Kaspersky Lab Ending Microsoft Antitrust Complaints
Kaspersky Lab announced today that it is ending its recent antitrust complaints against Microsoft.
The Moscow-based antimalware software vendor had contended that Windows 10 was encumbering "third-party" antimalware software products, and was favoring Microsoft's own in-built Windows Defender solution. For instance, some Windows 10 versions will disable antimalware solutions, replacing them with Windows Defender, if the operating system finds them incompatible in some way. Microsoft viewed it as a protection mechanism for Window 10 users, while Kaspersky Lab saw it as an anticompetitive threat.
Kaspersky Lab had lodged complaints to that effect before the Federal Antimonopoly Service of Russia, Germany's Federal Cartel Office and the European Commission. It's currently in the process of dropping the latter two complaints, and it indicated in an announcement today that "all of its concerns regarding the unfair competition law, raised with the Federal Antimonopoly Service of Russia, have been addressed."
Microsoft, for its part, issued an announcement today that it has been making changes to Windows 10 releases that reflects recent dialog that it's been having with its antivirus partners, including Kaspersky Lab. Rob Lefferts, Microsoft's partner director for Windows enterprise and security, outlined some of those changes.
Lefferts indicated that Microsoft will work with antivirus partners more closely to address compatibility issues before Windows 10 updates get rolled out to customers. It will increase the time that antivirus partners will have to complete Windows 10 build reviews. Antivirus partners will be able to use their own alerts to notify users when subscriptions are expiring, and these alerts can appear both before and after the subscription end dates. Moreover, these alerts will persist on the screen until users renew or choose another antimalware solution.
Kaspersky Lab, in a blog post today, noted that Microsoft had addressed its complaints "completely." It looked forward to the changes coming in the Windows 10 fall creators update. For instance, Microsoft will no longer use Windows 10's fast-disappearing pop-up "toast" notification process to warn users about expiring antimalware subscriptions, it noted.
In independent antivirus tests, Kaspersky Lab's software has consistently been one of the frontrunners, while Windows Defender, formerly known as "Microsoft Security Essentials," has tended to be lower on the lists. The differences have evened out somewhat for Windows Defender, perhaps, at least based on AV-Test's June Windows 10 test results.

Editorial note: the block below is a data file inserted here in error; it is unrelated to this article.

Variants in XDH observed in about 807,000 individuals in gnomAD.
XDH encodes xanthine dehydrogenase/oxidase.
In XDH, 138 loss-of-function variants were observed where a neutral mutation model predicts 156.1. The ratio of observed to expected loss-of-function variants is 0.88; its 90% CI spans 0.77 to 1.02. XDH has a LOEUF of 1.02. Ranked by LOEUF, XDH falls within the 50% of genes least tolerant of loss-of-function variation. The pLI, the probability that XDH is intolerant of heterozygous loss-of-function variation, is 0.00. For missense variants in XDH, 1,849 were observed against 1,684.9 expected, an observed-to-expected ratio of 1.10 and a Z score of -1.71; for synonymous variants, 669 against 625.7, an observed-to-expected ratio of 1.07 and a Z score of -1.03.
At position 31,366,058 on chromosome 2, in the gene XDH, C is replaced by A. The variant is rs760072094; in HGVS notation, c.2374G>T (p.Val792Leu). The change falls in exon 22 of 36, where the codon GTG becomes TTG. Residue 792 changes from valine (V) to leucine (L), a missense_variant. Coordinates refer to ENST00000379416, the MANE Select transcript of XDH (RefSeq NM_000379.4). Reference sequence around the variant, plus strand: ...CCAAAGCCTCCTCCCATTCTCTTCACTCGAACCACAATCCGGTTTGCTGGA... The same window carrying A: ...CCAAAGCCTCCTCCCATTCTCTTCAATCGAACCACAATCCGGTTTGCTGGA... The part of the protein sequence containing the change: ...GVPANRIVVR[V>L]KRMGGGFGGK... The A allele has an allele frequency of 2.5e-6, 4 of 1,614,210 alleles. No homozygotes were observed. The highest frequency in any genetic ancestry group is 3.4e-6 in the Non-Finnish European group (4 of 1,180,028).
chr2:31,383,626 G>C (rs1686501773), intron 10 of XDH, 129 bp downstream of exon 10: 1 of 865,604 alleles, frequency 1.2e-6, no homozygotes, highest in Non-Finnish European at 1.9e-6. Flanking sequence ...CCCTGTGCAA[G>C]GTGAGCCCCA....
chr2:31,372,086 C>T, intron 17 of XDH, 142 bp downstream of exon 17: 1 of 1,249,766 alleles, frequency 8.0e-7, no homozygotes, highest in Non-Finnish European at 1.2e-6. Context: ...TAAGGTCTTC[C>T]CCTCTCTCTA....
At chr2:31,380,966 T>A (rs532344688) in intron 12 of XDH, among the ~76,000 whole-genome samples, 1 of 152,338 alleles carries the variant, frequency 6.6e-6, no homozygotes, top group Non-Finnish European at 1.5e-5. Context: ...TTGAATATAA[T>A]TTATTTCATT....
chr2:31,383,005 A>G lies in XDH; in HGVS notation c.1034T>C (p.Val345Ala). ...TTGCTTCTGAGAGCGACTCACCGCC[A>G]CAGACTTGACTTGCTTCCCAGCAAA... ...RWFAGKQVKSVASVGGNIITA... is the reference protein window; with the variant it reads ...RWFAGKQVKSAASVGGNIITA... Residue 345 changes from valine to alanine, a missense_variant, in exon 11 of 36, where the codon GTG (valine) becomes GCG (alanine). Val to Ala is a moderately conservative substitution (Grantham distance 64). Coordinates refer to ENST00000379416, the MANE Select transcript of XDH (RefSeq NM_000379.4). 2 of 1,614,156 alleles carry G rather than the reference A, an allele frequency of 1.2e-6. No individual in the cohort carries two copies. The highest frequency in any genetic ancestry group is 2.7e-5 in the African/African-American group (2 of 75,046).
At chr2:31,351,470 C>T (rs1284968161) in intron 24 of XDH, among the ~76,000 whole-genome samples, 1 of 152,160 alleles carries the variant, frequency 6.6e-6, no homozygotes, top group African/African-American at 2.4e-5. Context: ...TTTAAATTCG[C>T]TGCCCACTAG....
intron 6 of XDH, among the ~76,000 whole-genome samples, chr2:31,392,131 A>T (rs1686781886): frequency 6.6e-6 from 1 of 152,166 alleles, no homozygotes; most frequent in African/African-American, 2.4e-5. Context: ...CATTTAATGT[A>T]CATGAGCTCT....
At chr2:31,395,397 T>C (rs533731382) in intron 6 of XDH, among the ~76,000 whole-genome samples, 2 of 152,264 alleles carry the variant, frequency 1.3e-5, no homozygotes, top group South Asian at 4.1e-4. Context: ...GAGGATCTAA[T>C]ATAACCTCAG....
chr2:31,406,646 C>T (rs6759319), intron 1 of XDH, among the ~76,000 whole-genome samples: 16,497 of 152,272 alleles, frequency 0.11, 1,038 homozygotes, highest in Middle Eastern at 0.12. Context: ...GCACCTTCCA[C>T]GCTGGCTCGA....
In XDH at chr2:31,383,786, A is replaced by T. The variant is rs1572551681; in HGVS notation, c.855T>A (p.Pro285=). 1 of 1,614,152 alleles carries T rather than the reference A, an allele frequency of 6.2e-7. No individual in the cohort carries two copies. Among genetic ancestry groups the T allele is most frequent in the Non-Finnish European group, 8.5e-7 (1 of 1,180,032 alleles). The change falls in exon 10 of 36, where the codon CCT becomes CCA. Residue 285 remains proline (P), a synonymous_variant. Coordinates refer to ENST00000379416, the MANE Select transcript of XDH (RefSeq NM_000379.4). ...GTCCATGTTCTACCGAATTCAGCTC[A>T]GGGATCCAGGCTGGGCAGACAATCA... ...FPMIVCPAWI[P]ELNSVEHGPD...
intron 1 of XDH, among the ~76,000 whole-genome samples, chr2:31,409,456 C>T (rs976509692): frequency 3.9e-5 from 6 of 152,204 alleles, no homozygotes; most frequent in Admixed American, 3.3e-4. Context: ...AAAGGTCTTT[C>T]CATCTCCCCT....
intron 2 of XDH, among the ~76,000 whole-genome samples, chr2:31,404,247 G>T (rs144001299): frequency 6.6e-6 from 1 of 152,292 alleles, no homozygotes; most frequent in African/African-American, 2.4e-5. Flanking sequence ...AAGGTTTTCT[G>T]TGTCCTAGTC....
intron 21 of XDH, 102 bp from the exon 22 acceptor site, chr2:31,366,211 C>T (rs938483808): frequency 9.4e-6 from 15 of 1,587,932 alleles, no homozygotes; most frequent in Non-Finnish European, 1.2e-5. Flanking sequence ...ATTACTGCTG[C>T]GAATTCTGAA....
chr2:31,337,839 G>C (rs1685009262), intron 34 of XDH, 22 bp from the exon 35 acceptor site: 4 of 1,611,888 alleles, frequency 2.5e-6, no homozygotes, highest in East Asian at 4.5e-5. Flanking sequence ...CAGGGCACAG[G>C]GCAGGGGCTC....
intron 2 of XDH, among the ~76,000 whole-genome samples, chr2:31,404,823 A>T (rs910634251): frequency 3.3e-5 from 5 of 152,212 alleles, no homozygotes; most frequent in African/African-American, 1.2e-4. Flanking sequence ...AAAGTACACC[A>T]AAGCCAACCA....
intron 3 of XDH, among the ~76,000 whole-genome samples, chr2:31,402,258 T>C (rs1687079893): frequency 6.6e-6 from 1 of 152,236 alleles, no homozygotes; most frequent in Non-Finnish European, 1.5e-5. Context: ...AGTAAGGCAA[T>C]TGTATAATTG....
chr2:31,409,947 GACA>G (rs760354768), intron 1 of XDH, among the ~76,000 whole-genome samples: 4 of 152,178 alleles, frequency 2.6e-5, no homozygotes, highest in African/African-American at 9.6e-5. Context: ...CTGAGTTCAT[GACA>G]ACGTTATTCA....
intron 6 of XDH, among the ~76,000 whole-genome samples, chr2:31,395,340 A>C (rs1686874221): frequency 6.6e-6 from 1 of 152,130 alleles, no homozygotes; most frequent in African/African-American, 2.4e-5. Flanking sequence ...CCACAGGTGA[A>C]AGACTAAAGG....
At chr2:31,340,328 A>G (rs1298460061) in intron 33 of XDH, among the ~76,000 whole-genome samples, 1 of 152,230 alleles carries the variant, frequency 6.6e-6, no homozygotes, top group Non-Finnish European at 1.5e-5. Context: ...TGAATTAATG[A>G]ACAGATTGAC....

Recently, a Microsoft official had suggested that Windows Defender was good enough such that individuals and organization can "start kicking out third-party antivirus" solutions from Windows 10. That statement had raised the ire of Eugene Kaspersky, chairman and CEO of Kaspersky Lab, who noted it in a June 6 blog post. Possibly, that's still Microsoft's position, despite the efforts announced today that seem to be smoothing over matters with antivirus partners.
In July, Kaspersky Lab announced the release a free version of its antivirus solution for Windows systems called "Kaspersky Free," although it lacks the "more robust features" found in Kaspersky Total Security, Kaspersky Internet Security and Kaspersky Anti-Virus. The free version, which provides basic "file antivirus, e-mail antivirus, and Web antivirus" protections, was launched to get more information for Kaspersky Lab's cloud service, called the "Kaspersky Security Network," the company explained in a blog post. Kaspersky Free doesn't collect personal data and it doesn't push ads, the blog added.
Kaspersky Lab lately has been beset by U.S. political wrangling, with some members of Congress questioning its ties to the Russian government and intelligence agencies and conducting government probes on the issue. That position was outlined in this Bloomberg story. Eugene Kaspersky responded in a blog post that Kaspersky Lab is a global company, and that it doesn't have ties to any government.
Kurt Mackie is senior news producer for the 1105 Enterprise Computing Group.